LEIGH SALES, AUSTRALIAN BROADCASTING CORPORATION: Now, in a moment I’m going to throw to questions around the world, as I just explained. But first of all, I just want to us to set the scene a little bit by talking about some of the big foreign policy issues that are around in the news. So let’s start with North Africa, which has been very prominent lately. We’ve seen the Islamist extremists in Algeria, of course the ongoing problems in Libya, the crisis in Mali, in recent days violent protests in Egypt. How much of a global security threat is this region?
SECRETARY HILLARY CLINTON: Well, Leigh, it is becoming a threat, first and foremost, to the people of the region. This is not what the Arab revolution was about, and there’s a great deal of concern across the region about people who choose to use violence to try to impose their extremist views rather than participate in politics. It does have the potential, however, of expanding beyond the region, which is why I think you’re seeing an international concern and coalition coming together to support the people of Mali, to stand by the Government of Algeria, to work with the Government of Libya, so that they themselves are given the tools they need to combat this extremist threat.
MS. SALES: Has there been an insufficient global focus on that part of the world to now?
SECRETARY CLINTON: Well, I think historically there has been exactly that, that much of Africa – you can separate North Africa from Sub-Saharan Africa – have not had the kind of attention on a range of issues, whether it’s security or development. But that is changing, and it’s very exciting to me that I think seven of the fastest performing economies in the world now are in Sub-Saharan Africa. It’s also exciting to see people in North Africa, after so many decades of oppression, looking to find their own way forward democratically.
But transformations are never easy and they are never preordained. If North Africa and the fruits of the Arab revolution are to be democracy, prosperity, better opportunities particularly for the young people of the region, the people themselves will have to ensure that. And in Sub-Saharan Africa, helping to improve governance and create more opportunity has been one of my primary goals.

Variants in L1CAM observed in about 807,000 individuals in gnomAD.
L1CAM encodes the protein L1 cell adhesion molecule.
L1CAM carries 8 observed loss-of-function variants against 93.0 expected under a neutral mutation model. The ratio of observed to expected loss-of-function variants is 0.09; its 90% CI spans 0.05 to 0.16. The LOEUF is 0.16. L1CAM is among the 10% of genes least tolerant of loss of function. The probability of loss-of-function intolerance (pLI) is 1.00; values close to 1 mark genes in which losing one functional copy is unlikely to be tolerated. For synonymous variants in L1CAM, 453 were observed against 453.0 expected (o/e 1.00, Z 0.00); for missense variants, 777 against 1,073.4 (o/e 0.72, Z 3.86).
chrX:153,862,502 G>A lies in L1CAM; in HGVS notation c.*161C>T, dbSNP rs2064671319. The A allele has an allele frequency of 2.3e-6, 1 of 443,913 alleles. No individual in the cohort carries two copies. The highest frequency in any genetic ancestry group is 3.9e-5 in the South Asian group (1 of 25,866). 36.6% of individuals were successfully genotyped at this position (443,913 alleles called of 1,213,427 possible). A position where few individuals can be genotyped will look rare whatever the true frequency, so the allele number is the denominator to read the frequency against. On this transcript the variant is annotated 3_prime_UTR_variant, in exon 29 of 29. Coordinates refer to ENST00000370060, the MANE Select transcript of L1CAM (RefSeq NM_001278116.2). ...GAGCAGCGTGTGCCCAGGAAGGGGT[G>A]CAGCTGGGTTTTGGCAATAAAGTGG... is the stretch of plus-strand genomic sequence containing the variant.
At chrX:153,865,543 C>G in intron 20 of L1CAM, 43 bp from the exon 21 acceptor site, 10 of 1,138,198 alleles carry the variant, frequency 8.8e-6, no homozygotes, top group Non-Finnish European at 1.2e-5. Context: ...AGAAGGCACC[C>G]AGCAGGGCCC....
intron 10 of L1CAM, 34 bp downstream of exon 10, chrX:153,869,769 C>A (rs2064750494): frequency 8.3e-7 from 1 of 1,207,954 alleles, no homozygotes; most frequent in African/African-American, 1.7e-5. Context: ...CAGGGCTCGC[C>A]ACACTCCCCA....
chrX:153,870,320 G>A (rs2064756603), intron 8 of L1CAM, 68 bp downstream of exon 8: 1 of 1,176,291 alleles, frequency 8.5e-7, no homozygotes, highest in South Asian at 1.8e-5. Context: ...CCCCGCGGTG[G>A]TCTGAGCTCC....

MS. SALES: The world saw your passionate response to a Senate committee last week about what happened in Benghazi. You said that you want the focus to be on making sure that something like that can’t happen again. But is it really possible to prevent things like that from happening?
SECRETARY CLINTON: Well, we live in a dangerous world and it’s unpredictable and complex. I think we in government have to do everything we can to provide as secure conditions as possible for our diplomats, our development experts, in order that we don’t end up in bunkers, abdicating from regions that are important to us. But it’s also now an increasing threat, as we saw with the Algerian hostage taking, to businesses, to cultural institutions. We’ve seen the extremists destroying shrines and libraries that were holding priceless remnants and artifacts that were of great meaning to people. So yes, it’s something we have to deal with, but we have to also be realistic that we live in this dangerous world and we can’t retreat from it.
MS. SALES: When we were watching that hearing, we saw the Republican committee members go on the attack. Is Washington today more bitterly partisan than it was when you were first lady, or has it always been like this and we just have a recency bias?
SECRETARY CLINTON: It has been increasingly partisan. It was 20 years ago, 30 years ago, you can go back in history and see certain constituencies represented in our Congress and our politics certainly squaring off against each other. But it’s become more so, and it’s also resulted in less productivity. You can be partisan, you can have a strong sense of the rightness of your position, but democracy and certainly legislative bodies require compromise. And you can’t let compromise become a dirty word because then you veer toward fanaticism.
I mean, we were just talking about extremists who think it’s only their way, they are the ones who have the truth, none of the rest of us have any kind of claim on what is real in their views. And so it’s important in our democracies – like Australia, like the United States – that yes, be passionate, be intense about your feelings, but at the end of the day you’ve got to serve the people who sent you there, and that requires compromise.